One of the most available methods of social scientific study is direct observation, or systematically observing and describing what takes place in a social setting. A researcher may attend a worship service, for example, taking note of who is involved in the service, what they are doing, who is and who is not paying attention, what the implicit rules are, how the service is led, and so on. By actively perceiving, recording, and analyzing these congregational events, a researcher can gain important insights to the congregation.

How To

  • Take on the role of reporter, looking at the particular details of the setting, the individuals involved, and what the people are doing. Take note of whowhatwherewhen, and how.
  • In some cases, taking overt notes won’t be too intrusive or awkward, particularly during worship services. Make a note about what you notice about the scene and the actors, key phrases that are used, important parts of the ritual, as well as any disruptions of the flow. Write down enough to jog your memory, and after the event spend some time to write a complete overview of the event.
  • Take a look at the Observation Protocol to see what sorts of aspects of the situation you may want to focus on.
  • Keep an eye on non-verbal communication; much of what is communicated is not necessarily spoken. Non-verbal indicators like vocal tone, emotional expression, eye behavior, and posture are important cues to interpreting the situation.
  • Sketch a picture of where people are seated, and who is sitting where. Are particular people clustered in special areas? Are special pews reserved for visitors, lay leaders, or important families in the congregation? How do people enter the worship service — what about if people sneak out during the service or come late?

Important Considerations

  • Problems with Being An Insider — being an individual inside a congregation or tradition has its disadvantages for attempting to study the congregation, particularly with this method. One of the important tenets of social research is to attempt to treat the focus of study like an object of study, which often requires a researcher to take multiple perspectives and points of view towards the object. Direct observation requires the researcher to take note of what is going on around them, making it easy for individuals with strong perceptions of what is happening to only record what fits with their perceptions, ignoring what doesn’t fit.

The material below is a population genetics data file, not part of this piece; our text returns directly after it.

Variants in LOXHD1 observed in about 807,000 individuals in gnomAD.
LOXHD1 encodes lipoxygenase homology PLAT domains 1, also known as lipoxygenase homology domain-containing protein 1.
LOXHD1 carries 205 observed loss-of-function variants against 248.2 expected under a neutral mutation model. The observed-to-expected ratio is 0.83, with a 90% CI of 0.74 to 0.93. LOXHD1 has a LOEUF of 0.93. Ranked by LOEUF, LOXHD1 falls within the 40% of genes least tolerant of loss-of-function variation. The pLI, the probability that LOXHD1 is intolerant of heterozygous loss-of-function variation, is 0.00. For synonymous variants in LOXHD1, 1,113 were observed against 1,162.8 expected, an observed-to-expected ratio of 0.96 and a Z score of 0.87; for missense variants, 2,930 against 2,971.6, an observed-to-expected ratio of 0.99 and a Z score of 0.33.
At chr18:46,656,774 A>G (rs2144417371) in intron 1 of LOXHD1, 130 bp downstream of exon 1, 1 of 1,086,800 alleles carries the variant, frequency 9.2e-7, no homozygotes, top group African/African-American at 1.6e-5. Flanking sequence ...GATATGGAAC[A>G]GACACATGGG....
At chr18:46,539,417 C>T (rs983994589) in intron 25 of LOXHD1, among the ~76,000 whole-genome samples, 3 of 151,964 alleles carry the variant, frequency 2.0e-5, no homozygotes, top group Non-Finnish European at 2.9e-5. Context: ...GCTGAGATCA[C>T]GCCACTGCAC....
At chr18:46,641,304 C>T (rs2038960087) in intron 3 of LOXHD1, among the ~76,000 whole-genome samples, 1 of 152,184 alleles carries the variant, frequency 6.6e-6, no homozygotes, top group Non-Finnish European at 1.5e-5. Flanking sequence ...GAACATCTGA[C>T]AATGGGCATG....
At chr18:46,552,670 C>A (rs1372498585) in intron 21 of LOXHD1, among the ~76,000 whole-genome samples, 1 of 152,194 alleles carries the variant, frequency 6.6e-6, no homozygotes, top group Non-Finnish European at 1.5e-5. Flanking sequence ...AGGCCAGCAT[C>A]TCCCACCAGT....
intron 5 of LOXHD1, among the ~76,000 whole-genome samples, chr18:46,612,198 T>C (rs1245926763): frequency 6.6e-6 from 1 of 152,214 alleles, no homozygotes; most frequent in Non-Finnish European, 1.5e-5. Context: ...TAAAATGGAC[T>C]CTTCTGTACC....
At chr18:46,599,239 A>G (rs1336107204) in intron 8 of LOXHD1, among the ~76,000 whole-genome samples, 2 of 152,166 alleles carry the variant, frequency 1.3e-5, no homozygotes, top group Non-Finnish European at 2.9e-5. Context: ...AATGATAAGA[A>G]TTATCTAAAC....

• To attempt to gain some distance from your congregation, it might be useful to attend a different church or different type of religious organization. Seeing the variations of religious life can focus your eye back to important areas of study within your own faith community.
    • Another way to attempt to gain distance is by asking new members, non-members, or outside consultants to give some perspective to your study.
  • Benefits of Being an Insider –– you should use your knowledge of your research topic to know what to observe and how to interpret situations.


Walking Tour

Another method you can use that is based on observational methods is to walk around your congregation’s neighborhood. It might be useful to bring a few other people, or go out individually and talk about perceptions and considerations after.

  • Examine the types of homes in the area — whether there are individual houses, apartment complexes, condos, duplexes or triplexes — can help to explain the types of economic situations your neighbors find themselves. Apartment complexes and other multi-family homes may suggest a higher degree of relatively-transient renters, whereas single-family homes and condos may suggest established home-owners.
  • Look at the restaurants and coffee shops — when are they busy and who are the clientele? That might indicate the age ranges of the individuals in your community.
  • Keep an eye out for schools or universities — are there young families in the neighborhood by an elementary school? Are there many students from the nearby college? Are those possible individuals you may want to minister to? And how would you do that?
  • Are there a lot of other people out walking, or is your area one where people tend to stay indoors? Does it feel safe to walk outside?

Check out our post about a walk down a contributor’s neighborhood — and take a walk!